Kristin McHugh, a spokeswoman for the DOT’s north central region based in Wisconsin Rapids, said the Wisconsin Construction Price index, used to calculate material and labor costs, increased 55 percent from 2001 to 2011.

Chuck Rasmussen, planning and program manager for the north central region, said the increase in construction prices never was factored into the cost estimate given to officials considering the Highway 51 project in 2001. Rasmussen said he’s confident DOT staff members did their “level best” to manage the Highway 51 project and perform only the work that was needed by transit and local officials and the general public who use the highway.

“We’ve had a huge effort on this project to ensure businesses and the public understood the corridor and that we understood what their needs were,” he said. “We wanted to find that combination of the functionality (the DOT) needed and the desires of the community.”

Petrowski said community input weighed heavily into the project’s design, adding elements as time went on and changing others.

“Local governments and the people that lived here were looking for those changes to make our community the best it could be and be suited for the future,” he said. “Nobody likes spending more money. In this case, the initial scope of the project was so much smaller than what it ended up as.”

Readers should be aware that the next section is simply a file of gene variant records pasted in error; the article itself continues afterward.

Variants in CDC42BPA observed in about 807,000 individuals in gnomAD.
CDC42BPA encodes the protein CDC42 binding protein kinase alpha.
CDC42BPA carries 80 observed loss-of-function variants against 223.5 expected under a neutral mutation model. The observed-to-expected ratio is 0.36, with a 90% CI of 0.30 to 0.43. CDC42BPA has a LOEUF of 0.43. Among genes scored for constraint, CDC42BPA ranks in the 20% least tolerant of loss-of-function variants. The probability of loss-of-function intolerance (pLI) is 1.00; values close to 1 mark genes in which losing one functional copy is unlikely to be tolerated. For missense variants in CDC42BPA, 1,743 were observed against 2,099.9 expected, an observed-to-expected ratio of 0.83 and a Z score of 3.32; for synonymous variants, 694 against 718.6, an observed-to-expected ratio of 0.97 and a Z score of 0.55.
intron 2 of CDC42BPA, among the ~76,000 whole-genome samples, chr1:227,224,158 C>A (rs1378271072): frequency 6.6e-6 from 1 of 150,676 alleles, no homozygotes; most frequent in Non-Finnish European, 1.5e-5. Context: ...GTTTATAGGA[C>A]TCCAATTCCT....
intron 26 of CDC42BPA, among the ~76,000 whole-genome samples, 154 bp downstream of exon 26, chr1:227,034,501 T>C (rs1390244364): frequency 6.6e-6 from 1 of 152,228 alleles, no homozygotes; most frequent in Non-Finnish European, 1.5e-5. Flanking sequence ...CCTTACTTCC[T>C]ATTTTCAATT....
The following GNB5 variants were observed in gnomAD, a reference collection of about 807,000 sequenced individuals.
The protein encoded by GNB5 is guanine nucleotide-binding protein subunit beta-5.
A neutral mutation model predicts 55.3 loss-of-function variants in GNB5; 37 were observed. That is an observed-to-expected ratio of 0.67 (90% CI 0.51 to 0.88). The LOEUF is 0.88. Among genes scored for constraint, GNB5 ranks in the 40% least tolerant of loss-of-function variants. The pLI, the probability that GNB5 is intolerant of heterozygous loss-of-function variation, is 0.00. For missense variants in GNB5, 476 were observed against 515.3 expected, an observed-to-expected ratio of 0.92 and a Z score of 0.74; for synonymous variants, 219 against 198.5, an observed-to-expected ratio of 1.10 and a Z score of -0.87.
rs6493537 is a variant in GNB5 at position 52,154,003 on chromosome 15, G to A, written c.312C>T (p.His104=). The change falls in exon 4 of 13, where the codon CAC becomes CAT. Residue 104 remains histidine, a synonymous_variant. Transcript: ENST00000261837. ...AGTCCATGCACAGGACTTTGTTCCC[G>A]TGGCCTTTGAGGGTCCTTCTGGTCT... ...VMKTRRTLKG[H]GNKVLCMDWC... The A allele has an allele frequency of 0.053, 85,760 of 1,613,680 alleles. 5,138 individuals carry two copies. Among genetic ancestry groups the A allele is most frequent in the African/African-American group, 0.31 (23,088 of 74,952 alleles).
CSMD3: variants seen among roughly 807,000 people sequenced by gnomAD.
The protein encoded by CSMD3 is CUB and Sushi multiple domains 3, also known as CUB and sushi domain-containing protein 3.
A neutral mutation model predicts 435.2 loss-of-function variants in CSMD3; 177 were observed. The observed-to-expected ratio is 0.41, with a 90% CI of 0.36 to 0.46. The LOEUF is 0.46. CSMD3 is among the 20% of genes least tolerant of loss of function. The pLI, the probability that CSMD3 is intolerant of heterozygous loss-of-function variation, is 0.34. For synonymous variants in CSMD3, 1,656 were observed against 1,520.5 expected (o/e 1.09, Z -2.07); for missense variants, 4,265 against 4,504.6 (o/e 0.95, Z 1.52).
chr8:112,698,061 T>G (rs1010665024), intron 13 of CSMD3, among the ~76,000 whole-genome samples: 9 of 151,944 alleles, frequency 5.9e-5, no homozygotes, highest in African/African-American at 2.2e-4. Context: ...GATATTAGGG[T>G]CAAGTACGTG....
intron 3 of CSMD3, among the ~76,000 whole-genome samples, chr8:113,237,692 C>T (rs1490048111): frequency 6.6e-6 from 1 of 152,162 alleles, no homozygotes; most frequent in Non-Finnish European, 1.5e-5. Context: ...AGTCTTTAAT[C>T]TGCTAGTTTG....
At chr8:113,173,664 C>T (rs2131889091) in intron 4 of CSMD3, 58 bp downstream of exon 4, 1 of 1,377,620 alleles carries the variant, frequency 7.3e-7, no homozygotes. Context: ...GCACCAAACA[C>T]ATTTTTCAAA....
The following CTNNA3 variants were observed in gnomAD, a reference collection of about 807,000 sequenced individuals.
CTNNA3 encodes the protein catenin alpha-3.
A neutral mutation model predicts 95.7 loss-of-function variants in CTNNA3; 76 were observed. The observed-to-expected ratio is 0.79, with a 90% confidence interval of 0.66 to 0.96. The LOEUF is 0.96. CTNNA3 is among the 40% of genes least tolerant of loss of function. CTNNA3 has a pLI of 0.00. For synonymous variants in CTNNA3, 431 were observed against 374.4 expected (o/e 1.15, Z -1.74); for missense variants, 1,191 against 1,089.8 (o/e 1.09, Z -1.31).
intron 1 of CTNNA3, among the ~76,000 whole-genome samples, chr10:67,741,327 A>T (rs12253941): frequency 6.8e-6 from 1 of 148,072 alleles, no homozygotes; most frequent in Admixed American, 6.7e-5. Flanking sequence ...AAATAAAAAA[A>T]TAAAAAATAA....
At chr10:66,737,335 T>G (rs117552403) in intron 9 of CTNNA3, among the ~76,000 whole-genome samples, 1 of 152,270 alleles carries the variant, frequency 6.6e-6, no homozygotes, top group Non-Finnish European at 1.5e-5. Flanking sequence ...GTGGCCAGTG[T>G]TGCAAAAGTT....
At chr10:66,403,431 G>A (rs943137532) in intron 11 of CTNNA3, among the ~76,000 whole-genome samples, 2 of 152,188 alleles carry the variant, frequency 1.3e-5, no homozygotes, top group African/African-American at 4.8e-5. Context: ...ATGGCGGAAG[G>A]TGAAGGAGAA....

‘DOT is saving’

DOT officials and others in the construction industry say they believe the state has significantly improved cost estimates for major highway projects in the past decade.

The Transportation Projects Commission approved further study on six major highway projects this year. When estimates are developed for those jobs, DOT staff members will factor in all the elements left out of the Highway 51 estimate in 2001, including inflation for construction materials and labor, real estate purchases and design costs.

Petrowski, now a member of the commission, said the changes have given state lawmakers a better perspective on major projects, especially the expected inflation for steel, concrete and asphalt.

“I think they’ve put in a lot of cautions to try to estimate more accurately,” Petrowski said.

Rasmussen said any project undertaken by the DOT is influenced primarily by money available. Designs shift in response to inflation, funding needs at other DOT projects and community requests, he said.

“We work to manage major projects from the highest need in the state,” he said. “We have all the constraints and check marks there to follow the law.”

The agency also will continue filing six-month updates on the projects, letting lawmakers and taxpayers track spending as construction progresses.

Goss, the former DOT deputy secretary, said that availability of information even could drive down costs for the transportation agency.

“Anytime you have more information out there on a regular basis, the better it is for taxpayers,” he said. “What we’ve seen is, in large part due to very stiff competition among Wisconsin contractors, the DOT is saving. Contractors ultimately are bidding on contracts and getting them done under what the DOT estimated.”